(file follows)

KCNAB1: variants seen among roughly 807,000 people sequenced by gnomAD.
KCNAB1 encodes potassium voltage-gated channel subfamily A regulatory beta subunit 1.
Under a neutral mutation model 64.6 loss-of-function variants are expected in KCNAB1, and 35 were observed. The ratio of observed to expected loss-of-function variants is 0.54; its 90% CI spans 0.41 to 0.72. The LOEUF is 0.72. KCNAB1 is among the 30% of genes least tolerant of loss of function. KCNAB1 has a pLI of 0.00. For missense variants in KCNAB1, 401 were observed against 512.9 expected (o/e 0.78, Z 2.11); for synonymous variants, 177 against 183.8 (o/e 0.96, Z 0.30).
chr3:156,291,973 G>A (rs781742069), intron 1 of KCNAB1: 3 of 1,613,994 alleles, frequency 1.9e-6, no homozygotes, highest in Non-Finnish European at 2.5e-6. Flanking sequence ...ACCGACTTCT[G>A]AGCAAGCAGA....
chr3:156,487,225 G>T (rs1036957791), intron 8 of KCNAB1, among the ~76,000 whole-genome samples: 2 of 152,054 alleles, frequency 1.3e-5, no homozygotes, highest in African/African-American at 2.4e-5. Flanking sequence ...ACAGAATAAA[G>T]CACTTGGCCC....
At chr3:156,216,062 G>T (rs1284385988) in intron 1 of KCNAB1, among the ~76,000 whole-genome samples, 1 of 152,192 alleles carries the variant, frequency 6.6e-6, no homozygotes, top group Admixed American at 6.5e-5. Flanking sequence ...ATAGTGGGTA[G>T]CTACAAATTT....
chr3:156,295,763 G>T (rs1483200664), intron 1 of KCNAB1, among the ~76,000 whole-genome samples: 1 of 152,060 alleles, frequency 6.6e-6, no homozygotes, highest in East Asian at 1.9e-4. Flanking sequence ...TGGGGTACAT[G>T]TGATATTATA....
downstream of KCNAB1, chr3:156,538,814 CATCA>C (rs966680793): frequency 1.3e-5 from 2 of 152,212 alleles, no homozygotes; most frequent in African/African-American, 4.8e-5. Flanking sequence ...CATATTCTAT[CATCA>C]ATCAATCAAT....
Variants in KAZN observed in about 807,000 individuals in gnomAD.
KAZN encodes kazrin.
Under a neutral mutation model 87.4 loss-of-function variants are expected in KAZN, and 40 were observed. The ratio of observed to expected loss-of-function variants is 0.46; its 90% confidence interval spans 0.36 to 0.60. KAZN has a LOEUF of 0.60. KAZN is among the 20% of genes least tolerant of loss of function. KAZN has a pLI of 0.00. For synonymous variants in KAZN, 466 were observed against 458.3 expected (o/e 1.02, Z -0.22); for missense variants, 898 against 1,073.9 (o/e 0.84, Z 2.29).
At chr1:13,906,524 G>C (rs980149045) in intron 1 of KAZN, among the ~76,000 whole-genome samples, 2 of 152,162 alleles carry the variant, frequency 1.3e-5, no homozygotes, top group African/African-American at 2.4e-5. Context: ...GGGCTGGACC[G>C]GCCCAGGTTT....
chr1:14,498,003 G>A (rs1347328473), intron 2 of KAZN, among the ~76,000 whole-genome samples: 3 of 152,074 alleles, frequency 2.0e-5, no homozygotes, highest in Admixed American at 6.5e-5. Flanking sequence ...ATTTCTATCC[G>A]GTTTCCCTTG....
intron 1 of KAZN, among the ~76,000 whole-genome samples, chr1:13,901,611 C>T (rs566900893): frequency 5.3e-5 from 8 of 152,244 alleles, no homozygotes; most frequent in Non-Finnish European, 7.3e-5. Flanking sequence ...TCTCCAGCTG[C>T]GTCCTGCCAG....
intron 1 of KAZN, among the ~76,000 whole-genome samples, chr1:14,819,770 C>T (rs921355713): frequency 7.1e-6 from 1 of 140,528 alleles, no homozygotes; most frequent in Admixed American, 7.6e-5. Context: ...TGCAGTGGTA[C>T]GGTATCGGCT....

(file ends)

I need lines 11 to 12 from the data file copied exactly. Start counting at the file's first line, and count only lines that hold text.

Under a neutral mutation model 87.4 loss-of-function variants are expected in KAZN, and 40 were observed. The ratio of observed to expected loss-of-function variants is 0.46; its 90% confidence interval spans 0.36 to 0.60. KAZN has a LOEUF of 0.60. KAZN is among the 20% of genes least tolerant of loss of function. KAZN has a pLI of 0.00. For synonymous variants in KAZN, 466 were observed against 458.3 expected (o/e 1.02, Z -0.22); for missense variants, 898 against 1,073.9 (o/e 0.84, Z 2.29).
At chr1:13,906,524 G>C (rs980149045) in intron 1 of KAZN, among the ~76,000 whole-genome samples, 2 of 152,162 alleles carry the variant, frequency 1.3e-5, no homozygotes, top group African/African-American at 2.4e-5. Context: ...GGGCTGGACC[G>C]GCCCAGGTTT....